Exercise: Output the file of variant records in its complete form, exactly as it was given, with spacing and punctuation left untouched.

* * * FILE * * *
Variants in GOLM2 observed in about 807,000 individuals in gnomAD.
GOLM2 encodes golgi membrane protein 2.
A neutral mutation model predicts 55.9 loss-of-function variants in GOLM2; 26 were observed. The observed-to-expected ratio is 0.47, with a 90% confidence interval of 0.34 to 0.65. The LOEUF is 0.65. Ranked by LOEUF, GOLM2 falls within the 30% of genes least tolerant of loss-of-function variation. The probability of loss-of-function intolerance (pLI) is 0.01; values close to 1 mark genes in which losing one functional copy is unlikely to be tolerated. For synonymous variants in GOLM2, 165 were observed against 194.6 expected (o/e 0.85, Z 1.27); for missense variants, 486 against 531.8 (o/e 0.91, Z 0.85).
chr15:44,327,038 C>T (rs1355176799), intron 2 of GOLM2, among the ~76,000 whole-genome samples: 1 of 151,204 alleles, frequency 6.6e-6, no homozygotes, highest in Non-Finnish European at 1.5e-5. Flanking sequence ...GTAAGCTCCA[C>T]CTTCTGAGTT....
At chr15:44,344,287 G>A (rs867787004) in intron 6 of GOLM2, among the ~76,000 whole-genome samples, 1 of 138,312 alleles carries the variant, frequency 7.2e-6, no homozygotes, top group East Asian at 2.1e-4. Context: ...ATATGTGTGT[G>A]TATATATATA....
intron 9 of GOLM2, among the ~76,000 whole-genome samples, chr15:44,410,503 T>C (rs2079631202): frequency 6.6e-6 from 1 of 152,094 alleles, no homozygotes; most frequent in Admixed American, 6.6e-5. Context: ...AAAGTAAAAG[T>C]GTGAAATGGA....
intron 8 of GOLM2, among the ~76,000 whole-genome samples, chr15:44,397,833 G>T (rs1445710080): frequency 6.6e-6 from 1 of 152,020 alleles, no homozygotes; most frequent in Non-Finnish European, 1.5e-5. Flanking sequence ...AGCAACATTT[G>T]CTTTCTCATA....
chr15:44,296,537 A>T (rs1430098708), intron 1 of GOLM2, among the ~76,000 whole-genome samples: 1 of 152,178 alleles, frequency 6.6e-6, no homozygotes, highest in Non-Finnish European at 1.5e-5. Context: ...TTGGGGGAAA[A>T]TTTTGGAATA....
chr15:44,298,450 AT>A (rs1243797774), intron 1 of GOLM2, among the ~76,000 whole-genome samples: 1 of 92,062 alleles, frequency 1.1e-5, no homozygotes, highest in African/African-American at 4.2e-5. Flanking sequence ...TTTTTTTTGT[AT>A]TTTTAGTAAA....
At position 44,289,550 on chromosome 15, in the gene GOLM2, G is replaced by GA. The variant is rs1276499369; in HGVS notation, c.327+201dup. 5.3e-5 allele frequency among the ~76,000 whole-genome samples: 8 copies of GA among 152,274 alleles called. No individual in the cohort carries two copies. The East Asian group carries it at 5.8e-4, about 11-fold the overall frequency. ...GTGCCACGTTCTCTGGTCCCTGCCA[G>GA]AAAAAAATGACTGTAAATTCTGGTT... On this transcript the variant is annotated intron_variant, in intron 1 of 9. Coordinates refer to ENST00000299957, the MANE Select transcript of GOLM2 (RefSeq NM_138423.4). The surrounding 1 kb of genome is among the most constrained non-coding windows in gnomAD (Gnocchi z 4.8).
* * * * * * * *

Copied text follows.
Variants in GOLM2 observed in about 807,000 individuals in gnomAD.
GOLM2 encodes golgi membrane protein 2.
A neutral mutation model predicts 55.9 loss-of-function variants in GOLM2; 26 were observed. The observed-to-expected ratio is 0.47, with a 90% confidence interval of 0.34 to 0.65. The LOEUF is 0.65. Ranked by LOEUF, GOLM2 falls within the 30% of genes least tolerant of loss-of-function variation. The probability of loss-of-function intolerance (pLI) is 0.01; values close to 1 mark genes in which losing one functional copy is unlikely to be tolerated. For synonymous variants in GOLM2, 165 were observed against 194.6 expected (o/e 0.85, Z 1.27); for missense variants, 486 against 531.8 (o/e 0.91, Z 0.85).
chr15:44,327,038 C>T (rs1355176799), intron 2 of GOLM2, among the ~76,000 whole-genome samples: 1 of 151,204 alleles, frequency 6.6e-6, no homozygotes, highest in Non-Finnish European at 1.5e-5. Flanking sequence ...GTAAGCTCCA[C>T]CTTCTGAGTT....
At chr15:44,344,287 G>A (rs867787004) in intron 6 of GOLM2, among the ~76,000 whole-genome samples, 1 of 138,312 alleles carries the variant, frequency 7.2e-6, no homozygotes, top group East Asian at 2.1e-4. Context: ...ATATGTGTGT[G>A]TATATATATA....
intron 9 of GOLM2, among the ~76,000 whole-genome samples, chr15:44,410,503 T>C (rs2079631202): frequency 6.6e-6 from 1 of 152,094 alleles, no homozygotes; most frequent in Admixed American, 6.6e-5. Context: ...AAAGTAAAAG[T>C]GTGAAATGGA....
intron 8 of GOLM2, among the ~76,000 whole-genome samples, chr15:44,397,833 G>T (rs1445710080): frequency 6.6e-6 from 1 of 152,020 alleles, no homozygotes; most frequent in Non-Finnish European, 1.5e-5. Flanking sequence ...AGCAACATTT[G>T]CTTTCTCATA....
chr15:44,296,537 A>T (rs1430098708), intron 1 of GOLM2, among the ~76,000 whole-genome samples: 1 of 152,178 alleles, frequency 6.6e-6, no homozygotes, highest in Non-Finnish European at 1.5e-5. Context: ...TTGGGGGAAA[A>T]TTTTGGAATA....
chr15:44,298,450 AT>A (rs1243797774), intron 1 of GOLM2, among the ~76,000 whole-genome samples: 1 of 92,062 alleles, frequency 1.1e-5, no homozygotes, highest in African/African-American at 4.2e-5. Flanking sequence ...TTTTTTTTGT[AT>A]TTTTAGTAAA....
At position 44,289,550 on chromosome 15, in the gene GOLM2, G is replaced by GA. The variant is rs1276499369; in HGVS notation, c.327+201dup. 5.3e-5 allele frequency among the ~76,000 whole-genome samples: 8 copies of GA among 152,274 alleles called. No individual in the cohort carries two copies. The East Asian group carries it at 5.8e-4, about 11-fold the overall frequency. ...GTGCCACGTTCTCTGGTCCCTGCCA[G>GA]AAAAAAATGACTGTAAATTCTGGTT... On this transcript the variant is annotated intron_variant, in intron 1 of 9. Coordinates refer to ENST00000299957, the MANE Select transcript of GOLM2 (RefSeq NM_138423.4). The surrounding 1 kb of genome is among the most constrained non-coding windows in gnomAD (Gnocchi z 4.8).